I created my own template (template refers to design + static content). Thus, the design and some content is static in all the pages. I created 5 landing pages, all landing pages has same design and 40% static content is common to all the pages. Titles, Meta Desc, Meta Keywords, 60% Body text is unique.

I splitted body into 2 types

<div id="dynamic-content">
  <!-- This content is different in each pages -->
<div id="static-content">
  <!-- This content is static in all pages -->

Dynamic content is around 60% and static content is around 40%.

My idea is writing a rich optimised content in dynamic-content div and assign the right titles, description to each pages so that each page is optimised for different keywords. And, that 40% static content is just about my website and no way related to Keyword.

Should I use canonical anywhere as I am still reusing the same design and 40% content in all the pages. And, if yes, where should I place the canonical tag? is that as <link rel="canonical" href="http://www.mydomain.com/mymainpage.html" /> or should I use something like <div id="static-content" rel="canonical"> </div>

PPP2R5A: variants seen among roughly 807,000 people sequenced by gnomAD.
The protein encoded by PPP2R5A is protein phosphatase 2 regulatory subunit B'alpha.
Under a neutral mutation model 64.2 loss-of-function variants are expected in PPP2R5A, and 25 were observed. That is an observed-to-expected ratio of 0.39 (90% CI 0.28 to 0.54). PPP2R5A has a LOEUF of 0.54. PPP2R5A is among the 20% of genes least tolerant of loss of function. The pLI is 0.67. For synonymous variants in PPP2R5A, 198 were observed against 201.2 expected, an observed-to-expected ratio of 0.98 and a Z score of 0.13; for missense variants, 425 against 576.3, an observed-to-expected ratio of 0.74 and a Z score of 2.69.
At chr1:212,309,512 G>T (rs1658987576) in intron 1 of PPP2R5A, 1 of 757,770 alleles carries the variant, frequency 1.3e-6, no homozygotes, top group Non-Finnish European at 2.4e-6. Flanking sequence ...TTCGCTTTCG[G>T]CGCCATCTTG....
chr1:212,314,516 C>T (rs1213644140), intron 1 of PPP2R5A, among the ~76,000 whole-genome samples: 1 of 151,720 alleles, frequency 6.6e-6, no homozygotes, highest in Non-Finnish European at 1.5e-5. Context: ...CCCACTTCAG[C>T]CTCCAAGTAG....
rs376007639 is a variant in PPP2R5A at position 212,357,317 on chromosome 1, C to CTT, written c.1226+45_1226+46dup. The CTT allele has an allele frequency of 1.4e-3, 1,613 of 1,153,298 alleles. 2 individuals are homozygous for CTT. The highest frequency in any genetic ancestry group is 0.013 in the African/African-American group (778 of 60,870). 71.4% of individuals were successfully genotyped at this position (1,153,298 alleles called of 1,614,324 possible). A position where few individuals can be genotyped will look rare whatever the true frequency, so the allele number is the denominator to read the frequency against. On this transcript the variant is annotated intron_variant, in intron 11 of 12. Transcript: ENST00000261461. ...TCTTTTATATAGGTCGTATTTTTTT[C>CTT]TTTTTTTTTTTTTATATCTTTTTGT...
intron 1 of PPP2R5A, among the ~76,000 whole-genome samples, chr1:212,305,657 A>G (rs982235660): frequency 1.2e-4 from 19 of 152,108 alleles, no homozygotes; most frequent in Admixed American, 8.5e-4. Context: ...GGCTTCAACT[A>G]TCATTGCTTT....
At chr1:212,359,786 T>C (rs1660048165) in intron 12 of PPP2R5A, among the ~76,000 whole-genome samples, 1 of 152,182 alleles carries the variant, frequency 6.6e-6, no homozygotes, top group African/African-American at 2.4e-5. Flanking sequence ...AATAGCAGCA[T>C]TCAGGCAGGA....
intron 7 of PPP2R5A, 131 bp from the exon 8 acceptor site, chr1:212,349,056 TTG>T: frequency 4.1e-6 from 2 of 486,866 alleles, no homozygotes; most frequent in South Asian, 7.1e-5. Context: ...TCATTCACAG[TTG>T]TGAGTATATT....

Or is there any other ways to protect my Google rankings?

  • 2
    I think a majority of websites have that "static content", usually called the footer :)
    – jeff
    Oct 13 '13 at 3:30
  • I don't think so. agree with @CengizFrostclaw. Most websites have headers, menus and footers, and that probably more or around than 60% of pages. Oct 13 '13 at 3:35
  • yes, and one more thing, this could be wrong but, I guess the "upper" content is more important for seo. so also considering this, you will be probably fine. If your content is not spammy, don't worry too much about seo.
    – jeff
    Oct 13 '13 at 3:38
  • sure you can use check this webmasters.stackexchange.com/questions/54025/…
    – Jobin
    Oct 13 '13 at 18:04

You must not specify canonical on div elements, as the rel attribute is not allowed there and canonical is only defined for link elements (and the HTTP header).

So canonical only works on the URI level, therefore it applies to the whole page (or any other resource on that URI).

You must not use canonical just because 40% of your content is duplicated. canonical must only be used for

content that is either duplicative or a superset of the content at the context (referring) IRI.

So use it in cases where the same page (possibly with slight variations, like a different sorting etc.) has multiple URLs.


I agree with Unor point. Canonical tag should be used between <head> and </head> and not in the div tags. If you are having partial duplicate content then you don't need to use canonical tag. Canonical tag should be used in a page if it is fully duplicate by having same content on multiple pages of your website. I hope your website won't be penalized by Google, since your 60% information are dynamic you no need to bother about SEO. Check your analytics frequently and if you find any visitors drop then you have to do something to Google believe that your website is Good.

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